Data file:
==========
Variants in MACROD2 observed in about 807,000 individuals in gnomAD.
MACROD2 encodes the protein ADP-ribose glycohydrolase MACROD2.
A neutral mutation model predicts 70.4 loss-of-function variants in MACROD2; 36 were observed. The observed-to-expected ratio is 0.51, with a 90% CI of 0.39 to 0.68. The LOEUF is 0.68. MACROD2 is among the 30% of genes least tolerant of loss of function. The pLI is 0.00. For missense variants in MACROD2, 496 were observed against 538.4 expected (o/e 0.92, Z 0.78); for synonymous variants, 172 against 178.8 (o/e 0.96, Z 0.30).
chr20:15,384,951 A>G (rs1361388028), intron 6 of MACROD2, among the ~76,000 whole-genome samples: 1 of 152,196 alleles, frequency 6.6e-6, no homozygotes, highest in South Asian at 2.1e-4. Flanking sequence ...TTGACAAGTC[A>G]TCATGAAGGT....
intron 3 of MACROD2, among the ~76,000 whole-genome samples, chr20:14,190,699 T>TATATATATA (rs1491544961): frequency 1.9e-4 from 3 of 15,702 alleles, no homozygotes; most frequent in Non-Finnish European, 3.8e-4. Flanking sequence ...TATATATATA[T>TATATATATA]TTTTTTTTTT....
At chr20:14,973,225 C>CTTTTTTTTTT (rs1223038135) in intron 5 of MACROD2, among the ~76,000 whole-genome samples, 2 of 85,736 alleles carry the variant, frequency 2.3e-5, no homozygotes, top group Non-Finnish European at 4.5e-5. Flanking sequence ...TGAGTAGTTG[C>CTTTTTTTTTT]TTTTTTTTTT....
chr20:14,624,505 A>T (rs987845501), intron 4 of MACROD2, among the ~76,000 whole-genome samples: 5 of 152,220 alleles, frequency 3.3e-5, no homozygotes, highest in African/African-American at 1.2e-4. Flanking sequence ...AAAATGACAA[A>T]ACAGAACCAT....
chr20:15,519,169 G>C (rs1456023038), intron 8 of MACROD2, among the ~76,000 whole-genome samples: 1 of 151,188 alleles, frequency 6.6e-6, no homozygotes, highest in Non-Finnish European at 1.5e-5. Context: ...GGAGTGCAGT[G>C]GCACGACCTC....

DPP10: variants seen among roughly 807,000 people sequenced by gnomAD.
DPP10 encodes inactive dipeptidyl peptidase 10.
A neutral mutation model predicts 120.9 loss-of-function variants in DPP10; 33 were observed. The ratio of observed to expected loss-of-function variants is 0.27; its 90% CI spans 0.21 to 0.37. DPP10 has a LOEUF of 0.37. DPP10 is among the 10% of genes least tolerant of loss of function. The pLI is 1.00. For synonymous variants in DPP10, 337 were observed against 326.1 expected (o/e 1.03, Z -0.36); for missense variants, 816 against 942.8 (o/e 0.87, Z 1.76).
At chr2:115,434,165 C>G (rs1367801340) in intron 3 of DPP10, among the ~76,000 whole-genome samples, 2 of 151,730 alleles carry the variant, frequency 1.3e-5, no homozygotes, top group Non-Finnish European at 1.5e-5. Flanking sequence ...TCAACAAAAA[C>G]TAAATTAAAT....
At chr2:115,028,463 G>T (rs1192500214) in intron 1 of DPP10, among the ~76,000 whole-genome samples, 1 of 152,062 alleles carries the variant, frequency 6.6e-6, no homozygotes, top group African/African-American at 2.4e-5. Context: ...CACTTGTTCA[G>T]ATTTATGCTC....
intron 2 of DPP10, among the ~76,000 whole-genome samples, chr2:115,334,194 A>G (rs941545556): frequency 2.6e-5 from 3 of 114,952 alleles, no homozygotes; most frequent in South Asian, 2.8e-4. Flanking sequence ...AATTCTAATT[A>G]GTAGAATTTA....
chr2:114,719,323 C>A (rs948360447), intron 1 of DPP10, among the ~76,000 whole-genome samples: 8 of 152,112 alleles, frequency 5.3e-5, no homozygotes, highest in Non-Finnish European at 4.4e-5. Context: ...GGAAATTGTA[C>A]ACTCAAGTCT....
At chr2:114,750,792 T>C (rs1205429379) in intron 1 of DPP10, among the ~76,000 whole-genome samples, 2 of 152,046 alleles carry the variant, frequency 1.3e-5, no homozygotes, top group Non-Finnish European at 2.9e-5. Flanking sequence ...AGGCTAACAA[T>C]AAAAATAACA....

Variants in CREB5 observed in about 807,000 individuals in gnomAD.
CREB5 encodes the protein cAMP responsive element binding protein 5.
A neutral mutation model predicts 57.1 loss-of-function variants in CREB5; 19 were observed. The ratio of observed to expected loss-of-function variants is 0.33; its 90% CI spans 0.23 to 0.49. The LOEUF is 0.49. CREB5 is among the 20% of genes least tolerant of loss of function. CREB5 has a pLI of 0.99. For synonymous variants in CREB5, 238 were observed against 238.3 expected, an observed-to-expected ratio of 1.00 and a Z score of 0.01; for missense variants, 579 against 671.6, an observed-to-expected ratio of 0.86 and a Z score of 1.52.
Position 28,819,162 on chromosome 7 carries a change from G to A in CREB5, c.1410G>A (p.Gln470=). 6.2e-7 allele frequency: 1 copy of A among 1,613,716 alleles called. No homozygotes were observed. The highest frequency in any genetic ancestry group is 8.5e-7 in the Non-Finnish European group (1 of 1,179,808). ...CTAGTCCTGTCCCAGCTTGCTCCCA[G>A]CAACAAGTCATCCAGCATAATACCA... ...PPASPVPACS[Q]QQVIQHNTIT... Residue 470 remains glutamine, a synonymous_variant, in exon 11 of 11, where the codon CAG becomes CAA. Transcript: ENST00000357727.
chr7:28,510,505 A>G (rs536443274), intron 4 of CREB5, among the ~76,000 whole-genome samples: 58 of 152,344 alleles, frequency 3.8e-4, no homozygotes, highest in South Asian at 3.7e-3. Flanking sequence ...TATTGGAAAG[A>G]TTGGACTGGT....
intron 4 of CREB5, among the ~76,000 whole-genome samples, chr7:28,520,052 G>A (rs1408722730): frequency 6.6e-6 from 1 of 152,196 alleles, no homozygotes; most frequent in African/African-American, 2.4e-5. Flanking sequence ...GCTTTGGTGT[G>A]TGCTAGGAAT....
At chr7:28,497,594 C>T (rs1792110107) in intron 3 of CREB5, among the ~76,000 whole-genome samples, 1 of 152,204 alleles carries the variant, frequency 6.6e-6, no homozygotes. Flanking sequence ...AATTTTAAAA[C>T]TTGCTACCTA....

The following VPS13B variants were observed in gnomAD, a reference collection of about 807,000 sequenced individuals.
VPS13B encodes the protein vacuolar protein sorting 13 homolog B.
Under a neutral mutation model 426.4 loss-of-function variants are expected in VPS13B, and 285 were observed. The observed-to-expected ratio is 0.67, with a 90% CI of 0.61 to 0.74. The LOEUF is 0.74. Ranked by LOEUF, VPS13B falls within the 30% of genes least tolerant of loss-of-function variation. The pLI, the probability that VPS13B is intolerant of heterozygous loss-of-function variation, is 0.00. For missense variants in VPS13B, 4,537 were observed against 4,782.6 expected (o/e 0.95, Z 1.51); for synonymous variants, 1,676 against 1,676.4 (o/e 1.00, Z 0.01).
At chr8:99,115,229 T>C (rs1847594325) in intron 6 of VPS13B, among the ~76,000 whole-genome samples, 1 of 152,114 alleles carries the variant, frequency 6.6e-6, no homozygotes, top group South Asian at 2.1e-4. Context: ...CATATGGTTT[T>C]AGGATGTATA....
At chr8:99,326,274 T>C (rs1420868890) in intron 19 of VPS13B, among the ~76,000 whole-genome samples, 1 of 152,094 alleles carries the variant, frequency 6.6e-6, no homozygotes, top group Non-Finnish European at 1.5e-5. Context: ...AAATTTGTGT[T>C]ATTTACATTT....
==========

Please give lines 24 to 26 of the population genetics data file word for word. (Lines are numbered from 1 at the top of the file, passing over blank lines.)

The following VPS13B variants were observed in gnomAD, a reference collection of about 807,000 sequenced individuals.
VPS13B encodes the protein vacuolar protein sorting 13 homolog B.
Under a neutral mutation model 426.4 loss-of-function variants are expected in VPS13B, and 285 were observed. The observed-to-expected ratio is 0.67, with a 90% CI of 0.61 to 0.74. The LOEUF is 0.74. Ranked by LOEUF, VPS13B falls within the 30% of genes least tolerant of loss-of-function variation. The pLI, the probability that VPS13B is intolerant of heterozygous loss-of-function variation, is 0.00. For missense variants in VPS13B, 4,537 were observed against 4,782.6 expected (o/e 0.95, Z 1.51); for synonymous variants, 1,676 against 1,676.4 (o/e 1.00, Z 0.01).